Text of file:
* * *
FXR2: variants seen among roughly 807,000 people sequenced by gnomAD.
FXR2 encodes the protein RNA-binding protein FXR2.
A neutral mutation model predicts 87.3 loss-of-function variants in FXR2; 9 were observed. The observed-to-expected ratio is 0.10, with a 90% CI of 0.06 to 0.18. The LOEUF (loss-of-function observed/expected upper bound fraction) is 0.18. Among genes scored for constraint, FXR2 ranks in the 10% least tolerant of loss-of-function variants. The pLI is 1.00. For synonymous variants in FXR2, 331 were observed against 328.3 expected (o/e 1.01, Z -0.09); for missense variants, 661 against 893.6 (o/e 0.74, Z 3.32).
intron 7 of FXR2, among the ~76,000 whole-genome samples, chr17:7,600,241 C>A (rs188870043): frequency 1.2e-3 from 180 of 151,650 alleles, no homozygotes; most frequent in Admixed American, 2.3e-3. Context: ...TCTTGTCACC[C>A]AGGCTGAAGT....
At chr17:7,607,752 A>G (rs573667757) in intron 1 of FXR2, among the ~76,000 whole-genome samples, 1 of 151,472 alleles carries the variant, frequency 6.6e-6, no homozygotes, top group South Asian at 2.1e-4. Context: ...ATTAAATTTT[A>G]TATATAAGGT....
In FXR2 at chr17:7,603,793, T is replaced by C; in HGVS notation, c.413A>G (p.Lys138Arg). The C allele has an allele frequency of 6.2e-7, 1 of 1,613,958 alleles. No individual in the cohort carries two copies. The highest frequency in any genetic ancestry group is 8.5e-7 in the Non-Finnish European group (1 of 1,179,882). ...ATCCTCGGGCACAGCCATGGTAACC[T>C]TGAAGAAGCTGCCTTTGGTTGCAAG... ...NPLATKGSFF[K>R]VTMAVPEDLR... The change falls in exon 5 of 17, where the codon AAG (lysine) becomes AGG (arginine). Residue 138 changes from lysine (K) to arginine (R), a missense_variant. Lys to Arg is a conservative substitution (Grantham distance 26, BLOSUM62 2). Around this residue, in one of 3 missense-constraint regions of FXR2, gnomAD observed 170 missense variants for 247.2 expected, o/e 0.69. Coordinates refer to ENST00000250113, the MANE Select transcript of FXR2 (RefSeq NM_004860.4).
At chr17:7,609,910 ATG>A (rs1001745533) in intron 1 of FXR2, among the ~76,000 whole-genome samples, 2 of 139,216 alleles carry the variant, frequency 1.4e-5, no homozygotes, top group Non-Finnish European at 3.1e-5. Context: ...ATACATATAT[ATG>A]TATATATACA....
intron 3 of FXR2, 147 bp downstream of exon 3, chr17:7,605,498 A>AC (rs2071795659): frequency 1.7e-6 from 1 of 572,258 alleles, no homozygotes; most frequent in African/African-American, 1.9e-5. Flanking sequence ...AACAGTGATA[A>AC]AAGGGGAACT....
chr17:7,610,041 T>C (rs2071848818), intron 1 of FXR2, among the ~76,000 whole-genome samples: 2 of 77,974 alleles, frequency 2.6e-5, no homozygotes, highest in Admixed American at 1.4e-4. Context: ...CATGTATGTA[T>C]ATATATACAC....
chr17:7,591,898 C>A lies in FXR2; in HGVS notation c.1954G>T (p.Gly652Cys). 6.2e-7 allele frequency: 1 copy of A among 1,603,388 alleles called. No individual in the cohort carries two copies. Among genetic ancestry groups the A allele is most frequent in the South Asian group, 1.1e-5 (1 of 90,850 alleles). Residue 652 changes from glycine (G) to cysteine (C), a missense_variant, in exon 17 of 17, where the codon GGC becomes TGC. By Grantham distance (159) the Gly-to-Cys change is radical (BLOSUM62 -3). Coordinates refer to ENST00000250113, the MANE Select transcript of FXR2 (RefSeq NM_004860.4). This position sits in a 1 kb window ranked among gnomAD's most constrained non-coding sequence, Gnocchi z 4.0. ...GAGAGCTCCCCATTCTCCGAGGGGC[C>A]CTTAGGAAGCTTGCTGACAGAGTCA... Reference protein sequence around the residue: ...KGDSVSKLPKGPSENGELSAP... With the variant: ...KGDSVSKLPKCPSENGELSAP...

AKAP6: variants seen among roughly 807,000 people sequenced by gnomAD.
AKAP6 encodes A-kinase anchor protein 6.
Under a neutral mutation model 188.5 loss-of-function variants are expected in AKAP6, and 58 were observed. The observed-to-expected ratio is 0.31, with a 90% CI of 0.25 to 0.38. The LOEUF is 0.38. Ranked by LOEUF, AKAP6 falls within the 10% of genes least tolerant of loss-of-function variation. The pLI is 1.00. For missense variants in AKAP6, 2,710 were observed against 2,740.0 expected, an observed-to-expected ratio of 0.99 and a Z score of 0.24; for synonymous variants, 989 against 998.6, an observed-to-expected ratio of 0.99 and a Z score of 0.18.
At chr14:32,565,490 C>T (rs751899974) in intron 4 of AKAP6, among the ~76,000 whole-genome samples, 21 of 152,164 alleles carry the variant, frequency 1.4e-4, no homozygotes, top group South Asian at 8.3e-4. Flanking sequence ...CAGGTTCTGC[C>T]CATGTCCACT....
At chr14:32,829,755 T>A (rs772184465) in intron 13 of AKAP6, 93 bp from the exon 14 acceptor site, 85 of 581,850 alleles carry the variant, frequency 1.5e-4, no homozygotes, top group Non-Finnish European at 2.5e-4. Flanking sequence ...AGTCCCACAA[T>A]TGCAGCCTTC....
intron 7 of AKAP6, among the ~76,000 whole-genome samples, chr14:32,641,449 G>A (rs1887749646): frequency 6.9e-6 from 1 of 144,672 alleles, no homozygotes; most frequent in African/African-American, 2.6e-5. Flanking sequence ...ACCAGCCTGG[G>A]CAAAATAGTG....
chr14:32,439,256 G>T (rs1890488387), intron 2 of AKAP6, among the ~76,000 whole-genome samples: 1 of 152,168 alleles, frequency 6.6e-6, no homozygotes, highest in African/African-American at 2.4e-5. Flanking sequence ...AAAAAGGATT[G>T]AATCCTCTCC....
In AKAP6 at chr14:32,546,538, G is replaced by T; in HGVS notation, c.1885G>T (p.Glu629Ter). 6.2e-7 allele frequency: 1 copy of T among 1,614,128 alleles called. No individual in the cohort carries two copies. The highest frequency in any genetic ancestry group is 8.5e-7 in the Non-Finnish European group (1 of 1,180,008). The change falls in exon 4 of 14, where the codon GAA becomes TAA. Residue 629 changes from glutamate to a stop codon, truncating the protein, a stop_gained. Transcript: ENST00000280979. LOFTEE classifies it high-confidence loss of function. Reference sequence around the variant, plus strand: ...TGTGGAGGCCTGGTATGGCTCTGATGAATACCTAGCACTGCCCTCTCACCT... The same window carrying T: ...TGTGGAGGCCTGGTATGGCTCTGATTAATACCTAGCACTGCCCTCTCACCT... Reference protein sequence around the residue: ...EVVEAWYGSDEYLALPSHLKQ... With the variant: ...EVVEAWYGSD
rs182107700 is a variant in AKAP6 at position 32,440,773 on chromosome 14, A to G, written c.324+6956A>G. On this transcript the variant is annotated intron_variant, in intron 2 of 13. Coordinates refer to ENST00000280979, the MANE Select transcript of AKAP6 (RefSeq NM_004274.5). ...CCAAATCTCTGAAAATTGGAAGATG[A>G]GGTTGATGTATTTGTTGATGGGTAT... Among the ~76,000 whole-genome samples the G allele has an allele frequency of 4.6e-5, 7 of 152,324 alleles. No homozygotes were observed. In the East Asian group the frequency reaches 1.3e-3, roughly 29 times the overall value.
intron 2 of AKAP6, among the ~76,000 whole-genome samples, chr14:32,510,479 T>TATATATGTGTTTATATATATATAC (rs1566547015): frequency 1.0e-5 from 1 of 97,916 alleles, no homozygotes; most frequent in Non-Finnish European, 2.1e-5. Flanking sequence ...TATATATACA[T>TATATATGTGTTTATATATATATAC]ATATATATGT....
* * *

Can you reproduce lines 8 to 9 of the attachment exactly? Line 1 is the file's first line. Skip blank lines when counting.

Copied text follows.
intron 3 of FXR2, 147 bp downstream of exon 3, chr17:7,605,498 A>AC (rs2071795659): frequency 1.7e-6 from 1 of 572,258 alleles, no homozygotes; most frequent in African/African-American, 1.9e-5. Flanking sequence ...AACAGTGATA[A>AC]AAGGGGAACT....
chr17:7,610,041 T>C (rs2071848818), intron 1 of FXR2, among the ~76,000 whole-genome samples: 2 of 77,974 alleles, frequency 2.6e-5, no homozygotes, highest in Admixed American at 1.4e-4. Context: ...CATGTATGTA[T>C]ATATATACAC....